There’s a huge cultural [and] social aspect to anywhere being established as a hub. And, I think Malaysia has a very global identity. It has a lot of diversity in its culture, it has a lot of really interesting startup businesses. You really see the potential for Malaysia to become a leader in this new space, to be one of the new winners as old cities like London, Paris, New York [are] just not looking very attractive anymore, because they’re overpriced and you’re [living] in cramped conditions. The social contract in a lot of those places has begun to break down. In my mind, it’s really places like Kuala Lumpur and George Town that offer a much better alternative in global terms, given that those old cities are really losing their pull for creative [and] globally minded people.

As you’ve pointed out, these are unusual times. What advice would you give to anyone who is thinking about becoming a digital nomad in 2021?

Lauren Razavi: My biggest advice is to choose your country and your visa scheme very carefully. [Previously], nomads were always looking for ways to hack the global system, to make policy and economic circumstances and all these kinds of things work in [their] favor. It was often just following your curiosity, [looking at] what was possible in different countries and [what] you wanted your life to look like. 

Because now it’s not really about like falling into a Google black hole and beginning to understand how different countries operate, which is really what it’s been over the last 10 years. Now it’s really finding a website listing all of the different options that you can apply for to go and base [yourself] in a different country on one of these remote work visas. It’s a matter of looking at where you want to try out and then seeing who’s going to give you the best deal [to fit] your personal circumstances. Who is offering tax breaks? Do I want to go to Greece if I have ability to go anywhere? Is that going to benefit me? 

Do I want to go for a year with a view to spending several years in the place, if it all goes well? In which case you might be looking at a particular remote work visa, and whether it can then be converted to longer form kinds of residency to facilitate that. Do you have kids and therefore, do you need to really be thinking about schools and kind of socialization of kids, in these different places?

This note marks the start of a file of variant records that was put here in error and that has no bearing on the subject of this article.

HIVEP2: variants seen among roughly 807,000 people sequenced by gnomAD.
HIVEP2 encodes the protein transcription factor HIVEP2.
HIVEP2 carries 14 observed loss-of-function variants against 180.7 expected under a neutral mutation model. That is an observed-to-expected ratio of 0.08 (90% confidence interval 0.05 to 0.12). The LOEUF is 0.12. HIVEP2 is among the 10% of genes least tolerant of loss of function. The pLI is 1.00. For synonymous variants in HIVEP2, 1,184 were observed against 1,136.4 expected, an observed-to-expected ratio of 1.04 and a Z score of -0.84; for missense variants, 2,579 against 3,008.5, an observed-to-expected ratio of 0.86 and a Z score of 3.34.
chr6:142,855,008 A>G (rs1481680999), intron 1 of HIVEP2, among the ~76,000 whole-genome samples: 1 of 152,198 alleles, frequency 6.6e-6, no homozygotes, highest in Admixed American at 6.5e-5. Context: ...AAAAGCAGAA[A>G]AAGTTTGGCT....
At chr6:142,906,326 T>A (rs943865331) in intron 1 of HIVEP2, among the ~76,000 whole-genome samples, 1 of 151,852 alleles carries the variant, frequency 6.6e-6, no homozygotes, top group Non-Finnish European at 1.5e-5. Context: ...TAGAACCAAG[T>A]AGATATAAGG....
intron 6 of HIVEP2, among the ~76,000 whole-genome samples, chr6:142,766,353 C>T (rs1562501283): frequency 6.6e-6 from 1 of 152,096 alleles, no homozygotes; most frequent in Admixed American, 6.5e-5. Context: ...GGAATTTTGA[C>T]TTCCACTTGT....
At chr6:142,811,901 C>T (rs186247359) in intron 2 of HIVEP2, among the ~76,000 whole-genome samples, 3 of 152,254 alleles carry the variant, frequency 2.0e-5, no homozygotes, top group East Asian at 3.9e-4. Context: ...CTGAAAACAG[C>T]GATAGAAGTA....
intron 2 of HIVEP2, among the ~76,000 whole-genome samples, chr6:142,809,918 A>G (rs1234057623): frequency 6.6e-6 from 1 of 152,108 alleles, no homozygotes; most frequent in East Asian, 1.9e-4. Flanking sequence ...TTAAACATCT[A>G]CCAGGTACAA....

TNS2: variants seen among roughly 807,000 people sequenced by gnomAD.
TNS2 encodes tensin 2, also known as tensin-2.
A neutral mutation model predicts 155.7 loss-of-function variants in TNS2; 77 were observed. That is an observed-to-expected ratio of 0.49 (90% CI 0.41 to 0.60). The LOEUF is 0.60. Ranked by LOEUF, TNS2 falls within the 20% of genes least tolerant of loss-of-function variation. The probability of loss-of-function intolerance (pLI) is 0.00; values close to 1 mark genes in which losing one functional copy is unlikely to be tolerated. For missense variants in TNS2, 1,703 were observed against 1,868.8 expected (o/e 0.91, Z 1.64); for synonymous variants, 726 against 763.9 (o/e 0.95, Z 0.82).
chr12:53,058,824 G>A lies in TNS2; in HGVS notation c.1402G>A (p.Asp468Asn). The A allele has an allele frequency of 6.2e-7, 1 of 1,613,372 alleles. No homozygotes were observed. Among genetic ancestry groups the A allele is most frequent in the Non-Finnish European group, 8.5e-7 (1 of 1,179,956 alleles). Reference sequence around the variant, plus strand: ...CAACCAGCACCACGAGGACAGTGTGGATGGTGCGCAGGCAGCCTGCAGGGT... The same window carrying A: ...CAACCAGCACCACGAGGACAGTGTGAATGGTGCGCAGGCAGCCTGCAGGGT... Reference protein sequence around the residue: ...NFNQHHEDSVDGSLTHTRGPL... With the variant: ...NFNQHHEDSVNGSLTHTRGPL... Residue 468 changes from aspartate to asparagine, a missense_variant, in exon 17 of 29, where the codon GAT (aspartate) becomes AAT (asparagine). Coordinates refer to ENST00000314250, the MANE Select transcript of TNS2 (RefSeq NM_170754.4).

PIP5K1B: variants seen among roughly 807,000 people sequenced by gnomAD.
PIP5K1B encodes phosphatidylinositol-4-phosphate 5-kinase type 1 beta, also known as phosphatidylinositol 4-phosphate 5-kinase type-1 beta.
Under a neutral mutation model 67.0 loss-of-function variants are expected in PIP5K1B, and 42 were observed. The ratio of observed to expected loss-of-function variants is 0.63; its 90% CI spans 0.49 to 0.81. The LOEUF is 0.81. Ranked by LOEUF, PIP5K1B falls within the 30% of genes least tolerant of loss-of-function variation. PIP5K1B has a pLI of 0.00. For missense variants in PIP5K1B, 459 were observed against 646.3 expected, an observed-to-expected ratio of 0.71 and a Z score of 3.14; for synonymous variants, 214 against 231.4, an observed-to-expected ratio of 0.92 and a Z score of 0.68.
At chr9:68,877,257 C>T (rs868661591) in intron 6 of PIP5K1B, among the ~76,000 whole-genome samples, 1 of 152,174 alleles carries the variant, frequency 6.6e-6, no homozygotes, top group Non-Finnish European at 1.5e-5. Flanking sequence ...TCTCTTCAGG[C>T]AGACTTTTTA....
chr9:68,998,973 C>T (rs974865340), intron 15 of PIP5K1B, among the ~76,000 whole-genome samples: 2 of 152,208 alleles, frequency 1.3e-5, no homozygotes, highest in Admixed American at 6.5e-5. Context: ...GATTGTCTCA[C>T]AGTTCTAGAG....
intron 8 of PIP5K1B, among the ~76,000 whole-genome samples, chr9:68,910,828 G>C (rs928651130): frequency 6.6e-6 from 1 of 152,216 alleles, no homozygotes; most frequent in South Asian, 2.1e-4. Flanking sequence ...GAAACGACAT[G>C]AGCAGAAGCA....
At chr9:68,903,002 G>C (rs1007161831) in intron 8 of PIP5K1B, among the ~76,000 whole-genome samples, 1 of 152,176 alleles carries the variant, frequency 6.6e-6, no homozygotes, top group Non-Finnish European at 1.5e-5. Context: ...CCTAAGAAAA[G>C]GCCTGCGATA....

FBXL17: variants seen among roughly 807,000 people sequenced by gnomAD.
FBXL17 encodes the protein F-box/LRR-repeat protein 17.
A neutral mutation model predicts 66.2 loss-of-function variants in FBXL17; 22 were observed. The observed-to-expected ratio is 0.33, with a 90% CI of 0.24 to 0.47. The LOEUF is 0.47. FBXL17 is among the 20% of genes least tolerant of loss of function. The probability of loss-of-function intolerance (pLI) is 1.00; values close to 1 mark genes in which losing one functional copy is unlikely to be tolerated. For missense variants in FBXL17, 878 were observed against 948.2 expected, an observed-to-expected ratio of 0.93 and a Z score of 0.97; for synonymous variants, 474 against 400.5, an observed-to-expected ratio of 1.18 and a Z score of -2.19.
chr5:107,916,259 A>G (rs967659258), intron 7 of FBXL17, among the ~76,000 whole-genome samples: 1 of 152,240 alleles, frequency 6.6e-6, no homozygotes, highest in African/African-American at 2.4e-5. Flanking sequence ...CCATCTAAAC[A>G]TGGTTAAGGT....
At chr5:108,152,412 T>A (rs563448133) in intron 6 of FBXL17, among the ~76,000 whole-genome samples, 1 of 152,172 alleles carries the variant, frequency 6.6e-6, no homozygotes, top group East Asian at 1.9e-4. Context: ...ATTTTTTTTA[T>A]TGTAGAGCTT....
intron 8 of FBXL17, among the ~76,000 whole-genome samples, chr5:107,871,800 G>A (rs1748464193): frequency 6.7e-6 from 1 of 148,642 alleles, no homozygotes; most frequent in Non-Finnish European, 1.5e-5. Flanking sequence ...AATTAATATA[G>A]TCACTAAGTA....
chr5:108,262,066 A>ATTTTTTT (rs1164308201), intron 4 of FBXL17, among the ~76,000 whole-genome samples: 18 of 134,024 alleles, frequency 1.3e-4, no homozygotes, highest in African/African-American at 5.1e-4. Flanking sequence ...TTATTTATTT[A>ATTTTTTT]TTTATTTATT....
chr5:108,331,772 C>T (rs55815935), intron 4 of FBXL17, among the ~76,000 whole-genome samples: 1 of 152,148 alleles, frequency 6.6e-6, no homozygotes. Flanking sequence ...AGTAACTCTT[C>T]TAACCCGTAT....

Assuming that the pandemic doesn’t last forever, and I think you mentioned 2025 earlier, what is the future going to look like when we talk about digital nomads and this idea of living and working remotely?

Lauren Razavi: I think that we’re going to need a new language to describe what’s happening in the 2020s versus what was happening in the 2010s. But I also think that the nomad lifestyle will be truly mainstream and that the face of travel will have changed for good. At the beginning of our conversation, I talked a little bit about the prospects of tourism recovery. In five years’ time, we may be back at a point where the world is open and spending has returned to pre-pandemic levels, but the way that we live, the way that we travel, will have shifted and there will be no going back. I think there’ll be [fewer] short trips and [the] traditional one- or two-week vacation that we’ve been used to in the past. There’ll be a lot more going [to] and experiencing places and committing to them and being a lot more locally connected.

Serendipity plays a huge part in the directions that people take in their lives and the opportunities that they pursue. If you wanted to work in the tech industry, for the past 20 years, you had to be in Silicon Valley, you had to be in San Francisco. You had to make sure that you could get by in a big, expensive city. Now, I think it’s a lot less about going to one particular part of the world for a long period of time. It’s much more about finding yourself in the same place as somebody else at the same time. The serendipity of being drawn to that place at the same time, [or] connecting online and then turning that online connection into an offline connection.

I’d like to imagine… that if you go to one of 100 destinations in the world for three months somewhere in your year, you’re going to have tapped into this new way of global living and this new way of making connections.

Listen to Lauren Razavi in conversation on The Citymaker podcast.

To find out more about the future of global living and working you can visit Lauren’s website and subscribe to her weekly newsletter, Counterflows. Her book, Global Natives, will be published later this year.